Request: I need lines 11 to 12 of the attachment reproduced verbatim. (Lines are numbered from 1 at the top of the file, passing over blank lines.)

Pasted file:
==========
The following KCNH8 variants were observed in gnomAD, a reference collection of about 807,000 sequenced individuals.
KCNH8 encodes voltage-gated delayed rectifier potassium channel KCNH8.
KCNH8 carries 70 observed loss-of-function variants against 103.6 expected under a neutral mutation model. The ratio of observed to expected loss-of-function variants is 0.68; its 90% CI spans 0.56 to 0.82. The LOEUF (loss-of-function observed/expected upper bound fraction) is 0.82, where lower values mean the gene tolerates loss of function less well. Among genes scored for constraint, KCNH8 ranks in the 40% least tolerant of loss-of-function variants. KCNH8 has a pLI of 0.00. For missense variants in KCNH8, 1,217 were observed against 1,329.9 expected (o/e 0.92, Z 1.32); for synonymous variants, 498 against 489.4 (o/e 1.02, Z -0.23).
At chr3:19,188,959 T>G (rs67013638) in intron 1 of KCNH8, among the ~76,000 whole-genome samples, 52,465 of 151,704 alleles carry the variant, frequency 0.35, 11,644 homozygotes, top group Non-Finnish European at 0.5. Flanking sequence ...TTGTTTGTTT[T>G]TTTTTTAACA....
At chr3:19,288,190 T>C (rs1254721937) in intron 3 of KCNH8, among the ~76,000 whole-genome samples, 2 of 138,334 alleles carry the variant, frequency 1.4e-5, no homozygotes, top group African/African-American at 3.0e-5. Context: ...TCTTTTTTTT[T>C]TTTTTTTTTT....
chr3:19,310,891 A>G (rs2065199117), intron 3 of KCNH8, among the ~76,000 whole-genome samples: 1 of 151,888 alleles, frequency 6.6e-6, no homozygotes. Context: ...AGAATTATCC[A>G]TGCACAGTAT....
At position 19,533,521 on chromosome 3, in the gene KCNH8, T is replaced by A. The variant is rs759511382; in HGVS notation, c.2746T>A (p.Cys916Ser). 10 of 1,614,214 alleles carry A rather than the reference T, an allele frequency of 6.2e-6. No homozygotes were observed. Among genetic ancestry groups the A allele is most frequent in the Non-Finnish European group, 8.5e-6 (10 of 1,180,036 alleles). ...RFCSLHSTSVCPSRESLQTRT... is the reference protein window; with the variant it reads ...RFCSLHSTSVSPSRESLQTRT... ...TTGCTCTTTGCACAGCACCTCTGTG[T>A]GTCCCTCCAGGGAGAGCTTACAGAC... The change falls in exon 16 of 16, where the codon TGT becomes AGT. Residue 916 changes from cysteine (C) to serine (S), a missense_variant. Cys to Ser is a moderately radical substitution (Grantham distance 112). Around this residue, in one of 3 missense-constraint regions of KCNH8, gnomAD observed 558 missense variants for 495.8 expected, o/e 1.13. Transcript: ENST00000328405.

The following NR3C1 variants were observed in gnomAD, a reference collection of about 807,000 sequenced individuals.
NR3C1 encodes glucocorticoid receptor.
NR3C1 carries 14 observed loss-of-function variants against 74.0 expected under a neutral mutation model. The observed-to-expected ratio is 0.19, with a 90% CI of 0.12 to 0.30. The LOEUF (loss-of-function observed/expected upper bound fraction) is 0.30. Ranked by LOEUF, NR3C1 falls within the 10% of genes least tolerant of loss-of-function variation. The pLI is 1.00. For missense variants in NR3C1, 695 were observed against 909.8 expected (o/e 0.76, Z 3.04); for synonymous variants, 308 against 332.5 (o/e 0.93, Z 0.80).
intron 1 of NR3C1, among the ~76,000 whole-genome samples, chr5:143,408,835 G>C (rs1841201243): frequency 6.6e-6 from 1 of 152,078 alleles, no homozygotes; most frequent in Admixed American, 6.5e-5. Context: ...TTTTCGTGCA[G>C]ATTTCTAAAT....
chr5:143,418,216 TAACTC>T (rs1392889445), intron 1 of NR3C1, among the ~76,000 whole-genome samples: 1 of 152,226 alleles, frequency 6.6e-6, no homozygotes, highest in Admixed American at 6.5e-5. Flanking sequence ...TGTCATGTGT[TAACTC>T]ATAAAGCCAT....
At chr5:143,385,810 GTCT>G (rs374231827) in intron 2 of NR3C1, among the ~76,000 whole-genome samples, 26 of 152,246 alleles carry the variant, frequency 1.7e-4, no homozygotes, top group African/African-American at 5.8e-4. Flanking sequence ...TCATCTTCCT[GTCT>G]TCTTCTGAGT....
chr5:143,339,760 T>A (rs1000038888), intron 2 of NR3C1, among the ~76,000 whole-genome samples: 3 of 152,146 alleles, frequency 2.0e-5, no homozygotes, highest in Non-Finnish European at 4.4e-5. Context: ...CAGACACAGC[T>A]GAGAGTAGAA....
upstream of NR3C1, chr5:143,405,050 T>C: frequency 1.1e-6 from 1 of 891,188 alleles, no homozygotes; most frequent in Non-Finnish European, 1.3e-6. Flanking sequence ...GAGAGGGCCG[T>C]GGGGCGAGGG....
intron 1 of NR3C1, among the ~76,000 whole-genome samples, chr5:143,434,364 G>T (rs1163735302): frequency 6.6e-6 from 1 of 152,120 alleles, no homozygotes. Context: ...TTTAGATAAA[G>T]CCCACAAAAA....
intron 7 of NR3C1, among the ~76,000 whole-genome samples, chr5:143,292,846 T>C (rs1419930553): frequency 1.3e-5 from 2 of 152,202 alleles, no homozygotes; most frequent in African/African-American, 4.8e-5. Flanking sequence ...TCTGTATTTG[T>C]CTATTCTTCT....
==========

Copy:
intron 1 of NR3C1, among the ~76,000 whole-genome samples, chr5:143,408,835 G>C (rs1841201243): frequency 6.6e-6 from 1 of 152,078 alleles, no homozygotes; most frequent in Admixed American, 6.5e-5. Context: ...TTTTCGTGCA[G>C]ATTTCTAAAT....
chr5:143,418,216 TAACTC>T (rs1392889445), intron 1 of NR3C1, among the ~76,000 whole-genome samples: 1 of 152,226 alleles, frequency 6.6e-6, no homozygotes, highest in Admixed American at 6.5e-5. Flanking sequence ...TGTCATGTGT[TAACTC>T]ATAAAGCCAT....